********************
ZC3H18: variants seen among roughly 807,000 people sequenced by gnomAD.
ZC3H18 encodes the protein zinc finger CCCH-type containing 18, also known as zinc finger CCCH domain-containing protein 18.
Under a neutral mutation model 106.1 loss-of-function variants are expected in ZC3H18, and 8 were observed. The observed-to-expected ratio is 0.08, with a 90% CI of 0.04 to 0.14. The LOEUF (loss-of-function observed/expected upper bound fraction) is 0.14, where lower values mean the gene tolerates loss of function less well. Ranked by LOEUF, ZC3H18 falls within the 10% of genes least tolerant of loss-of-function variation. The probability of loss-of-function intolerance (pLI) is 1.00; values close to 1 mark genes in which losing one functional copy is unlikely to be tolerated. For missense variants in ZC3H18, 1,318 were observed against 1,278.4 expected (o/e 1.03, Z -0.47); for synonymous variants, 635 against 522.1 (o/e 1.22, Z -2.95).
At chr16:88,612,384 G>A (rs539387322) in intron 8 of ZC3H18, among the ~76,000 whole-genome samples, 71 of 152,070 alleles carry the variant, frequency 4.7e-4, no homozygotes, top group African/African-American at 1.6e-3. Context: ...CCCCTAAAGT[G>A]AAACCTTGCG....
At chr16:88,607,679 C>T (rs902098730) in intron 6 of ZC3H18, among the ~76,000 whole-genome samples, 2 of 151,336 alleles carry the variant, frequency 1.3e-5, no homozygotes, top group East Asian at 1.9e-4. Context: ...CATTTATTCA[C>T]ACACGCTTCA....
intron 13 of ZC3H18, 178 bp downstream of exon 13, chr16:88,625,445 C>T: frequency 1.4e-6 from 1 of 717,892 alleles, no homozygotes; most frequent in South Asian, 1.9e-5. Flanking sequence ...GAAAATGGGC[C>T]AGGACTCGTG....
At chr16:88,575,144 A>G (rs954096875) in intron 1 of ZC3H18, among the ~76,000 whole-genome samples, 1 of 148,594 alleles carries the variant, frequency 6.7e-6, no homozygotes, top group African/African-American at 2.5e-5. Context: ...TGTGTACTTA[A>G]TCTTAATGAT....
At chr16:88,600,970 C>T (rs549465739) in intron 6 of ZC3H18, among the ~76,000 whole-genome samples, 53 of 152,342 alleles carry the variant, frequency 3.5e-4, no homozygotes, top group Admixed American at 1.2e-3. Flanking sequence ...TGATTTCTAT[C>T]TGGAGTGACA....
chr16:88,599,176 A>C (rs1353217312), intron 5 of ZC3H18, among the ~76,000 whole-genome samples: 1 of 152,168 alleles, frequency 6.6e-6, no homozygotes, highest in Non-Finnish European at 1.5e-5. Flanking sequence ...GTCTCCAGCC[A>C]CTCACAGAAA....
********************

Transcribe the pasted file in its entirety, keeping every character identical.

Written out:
ZC3H18: variants seen among roughly 807,000 people sequenced by gnomAD.
ZC3H18 encodes the protein zinc finger CCCH-type containing 18, also known as zinc finger CCCH domain-containing protein 18.
Under a neutral mutation model 106.1 loss-of-function variants are expected in ZC3H18, and 8 were observed. The observed-to-expected ratio is 0.08, with a 90% CI of 0.04 to 0.14. The LOEUF (loss-of-function observed/expected upper bound fraction) is 0.14, where lower values mean the gene tolerates loss of function less well. Ranked by LOEUF, ZC3H18 falls within the 10% of genes least tolerant of loss-of-function variation. The probability of loss-of-function intolerance (pLI) is 1.00; values close to 1 mark genes in which losing one functional copy is unlikely to be tolerated. For missense variants in ZC3H18, 1,318 were observed against 1,278.4 expected (o/e 1.03, Z -0.47); for synonymous variants, 635 against 522.1 (o/e 1.22, Z -2.95).
At chr16:88,612,384 G>A (rs539387322) in intron 8 of ZC3H18, among the ~76,000 whole-genome samples, 71 of 152,070 alleles carry the variant, frequency 4.7e-4, no homozygotes, top group African/African-American at 1.6e-3. Context: ...CCCCTAAAGT[G>A]AAACCTTGCG....
At chr16:88,607,679 C>T (rs902098730) in intron 6 of ZC3H18, among the ~76,000 whole-genome samples, 2 of 151,336 alleles carry the variant, frequency 1.3e-5, no homozygotes, top group East Asian at 1.9e-4. Context: ...CATTTATTCA[C>T]ACACGCTTCA....
intron 13 of ZC3H18, 178 bp downstream of exon 13, chr16:88,625,445 C>T: frequency 1.4e-6 from 1 of 717,892 alleles, no homozygotes; most frequent in South Asian, 1.9e-5. Flanking sequence ...GAAAATGGGC[C>T]AGGACTCGTG....
At chr16:88,575,144 A>G (rs954096875) in intron 1 of ZC3H18, among the ~76,000 whole-genome samples, 1 of 148,594 alleles carries the variant, frequency 6.7e-6, no homozygotes, top group African/African-American at 2.5e-5. Context: ...TGTGTACTTA[A>G]TCTTAATGAT....
At chr16:88,600,970 C>T (rs549465739) in intron 6 of ZC3H18, among the ~76,000 whole-genome samples, 53 of 152,342 alleles carry the variant, frequency 3.5e-4, no homozygotes, top group Admixed American at 1.2e-3. Flanking sequence ...TGATTTCTAT[C>T]TGGAGTGACA....
chr16:88,599,176 A>C (rs1353217312), intron 5 of ZC3H18, among the ~76,000 whole-genome samples: 1 of 152,168 alleles, frequency 6.6e-6, no homozygotes, highest in Non-Finnish European at 1.5e-5. Flanking sequence ...GTCTCCAGCC[A>C]CTCACAGAAA....